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Kendall was born in 1909 to a blind minister in Oklahoma. He learned to read at age two, graduated from high school at 13, from the University of Oklahoma at 18, and published his first book at 20. In 1932, he became a Rhodes scholar and studied at the University of Oxford.
He joined the Yale University faculty in 1947, where he taught for fourteen quarrelsome years until Yale paid him a handsome sum to resign. Among his students was William F. Buckley, Jr., with whom he participated in the founding of National Review; as a Senior Editor he constantly fought with the other editors (they say he was never on speaking terms with more than one person at a time). A friend of Kendall's, Professor Revilo P. Oliver, gave him credit with convincing him to enter political activism by writing for NR. 
He later converted to Roman Catholicism, taught at the University of Dallas, was a founder of the politics program, and was co-founder of the doctoral program there. He stayed at that institution until he died of a heart attack in 1967.
Books by Kendall
- Baseball: How to Play It and How to Watch It (1927, as Alan Monk), Haldeman-Julius Publications.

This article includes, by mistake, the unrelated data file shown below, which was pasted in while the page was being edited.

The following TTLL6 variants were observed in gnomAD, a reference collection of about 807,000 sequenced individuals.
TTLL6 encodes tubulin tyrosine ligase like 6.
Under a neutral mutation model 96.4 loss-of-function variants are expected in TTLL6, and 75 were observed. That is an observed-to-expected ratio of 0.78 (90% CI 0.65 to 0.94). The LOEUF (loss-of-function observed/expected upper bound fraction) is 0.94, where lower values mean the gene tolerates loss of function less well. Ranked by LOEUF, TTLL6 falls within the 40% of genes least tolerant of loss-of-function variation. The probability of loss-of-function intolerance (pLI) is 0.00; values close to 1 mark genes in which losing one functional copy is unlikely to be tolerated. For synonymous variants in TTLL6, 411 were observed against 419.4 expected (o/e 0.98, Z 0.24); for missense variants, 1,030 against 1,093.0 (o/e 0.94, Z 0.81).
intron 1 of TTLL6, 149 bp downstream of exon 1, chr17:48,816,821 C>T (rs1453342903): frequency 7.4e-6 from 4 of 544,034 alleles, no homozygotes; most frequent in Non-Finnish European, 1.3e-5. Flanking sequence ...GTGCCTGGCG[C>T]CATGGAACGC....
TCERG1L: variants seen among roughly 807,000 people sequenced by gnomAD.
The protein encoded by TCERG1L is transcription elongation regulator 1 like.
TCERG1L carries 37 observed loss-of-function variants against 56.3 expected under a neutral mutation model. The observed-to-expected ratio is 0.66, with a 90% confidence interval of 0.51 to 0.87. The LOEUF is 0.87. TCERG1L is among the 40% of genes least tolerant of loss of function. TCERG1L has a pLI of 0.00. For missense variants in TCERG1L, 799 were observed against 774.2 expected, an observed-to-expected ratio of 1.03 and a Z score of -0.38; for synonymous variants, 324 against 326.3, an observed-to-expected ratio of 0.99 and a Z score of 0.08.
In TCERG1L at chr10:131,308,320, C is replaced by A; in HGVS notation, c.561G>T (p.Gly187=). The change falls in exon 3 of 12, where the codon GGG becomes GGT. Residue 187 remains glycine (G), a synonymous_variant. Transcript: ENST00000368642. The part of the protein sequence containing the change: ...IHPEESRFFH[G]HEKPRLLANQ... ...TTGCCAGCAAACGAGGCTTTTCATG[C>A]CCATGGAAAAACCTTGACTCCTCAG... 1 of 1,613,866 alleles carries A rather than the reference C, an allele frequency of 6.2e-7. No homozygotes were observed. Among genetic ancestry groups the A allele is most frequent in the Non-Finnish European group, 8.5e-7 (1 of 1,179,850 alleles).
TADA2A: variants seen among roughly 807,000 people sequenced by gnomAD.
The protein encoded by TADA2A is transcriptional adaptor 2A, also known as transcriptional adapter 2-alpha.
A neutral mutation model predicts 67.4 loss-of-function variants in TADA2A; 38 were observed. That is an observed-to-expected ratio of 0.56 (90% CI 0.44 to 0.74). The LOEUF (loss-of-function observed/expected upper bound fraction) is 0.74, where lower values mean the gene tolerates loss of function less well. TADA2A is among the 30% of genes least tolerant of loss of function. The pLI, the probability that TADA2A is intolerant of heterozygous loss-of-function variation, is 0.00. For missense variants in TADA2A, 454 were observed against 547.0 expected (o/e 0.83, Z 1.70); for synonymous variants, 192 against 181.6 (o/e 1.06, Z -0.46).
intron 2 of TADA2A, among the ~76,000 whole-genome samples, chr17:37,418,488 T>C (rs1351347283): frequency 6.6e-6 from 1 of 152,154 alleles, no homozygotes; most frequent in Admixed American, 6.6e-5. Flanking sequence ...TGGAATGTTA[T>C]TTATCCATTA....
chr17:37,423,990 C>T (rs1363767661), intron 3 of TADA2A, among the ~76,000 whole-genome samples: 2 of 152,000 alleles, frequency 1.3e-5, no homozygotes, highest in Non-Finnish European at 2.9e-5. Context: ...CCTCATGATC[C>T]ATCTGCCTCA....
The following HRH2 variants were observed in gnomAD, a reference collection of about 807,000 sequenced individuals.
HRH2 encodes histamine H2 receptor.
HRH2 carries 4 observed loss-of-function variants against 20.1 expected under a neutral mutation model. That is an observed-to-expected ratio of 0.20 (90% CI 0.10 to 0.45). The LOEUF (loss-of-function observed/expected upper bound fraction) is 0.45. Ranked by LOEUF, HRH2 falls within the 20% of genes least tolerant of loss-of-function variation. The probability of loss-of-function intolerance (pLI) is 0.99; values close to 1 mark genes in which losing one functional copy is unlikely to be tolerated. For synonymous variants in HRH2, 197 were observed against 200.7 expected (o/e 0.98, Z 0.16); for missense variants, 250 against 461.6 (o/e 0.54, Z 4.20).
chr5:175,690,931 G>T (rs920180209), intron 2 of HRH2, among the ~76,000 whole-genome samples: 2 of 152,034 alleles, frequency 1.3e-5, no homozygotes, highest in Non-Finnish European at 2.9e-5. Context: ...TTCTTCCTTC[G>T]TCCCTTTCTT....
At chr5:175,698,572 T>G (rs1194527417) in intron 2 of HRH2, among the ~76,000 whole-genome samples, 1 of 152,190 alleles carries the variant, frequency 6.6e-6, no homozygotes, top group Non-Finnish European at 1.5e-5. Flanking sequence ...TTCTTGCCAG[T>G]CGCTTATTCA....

- Democracy and the American Party System (1956 with Austin Ranney), Harcourt, Brace.
- John Locke and the Doctrine of Majority-Rule (1959), The University of Illinois Press.
- The Conservative Affirmation (1963) (republished in 1985 by Regnery Books).
- Willmoore Kendall Contra Mundum (1971, edited by Nellie Kendall), Arlington House (republished in 1994 by University Press of America, ISBN 0-8191-9067-5).
- The Basic Symbols of the American Political Tradition (1970, with George W. Carey), Louisiana State University Press (republished in 1995 by Catholic University of America Press. ISBN 0-8132-0826-2).
- Oxford Years: Letters of Willmore Kendall to His Father, (1993, edited by Yvonna Kendall Mason), ISI Books. ISBN 1-882926-02-1
- Willmoore Kendall: Maverick of American Conservatives, Alvis, John, and Murley, John, eds. Lexington Books. (Review.)
Kendall is the model for the character Jesse Frank in S. Zion's 1990 novel Markers (Source: Book review with interview, by Jeffrey Hart in the National Review, June 11, 1990)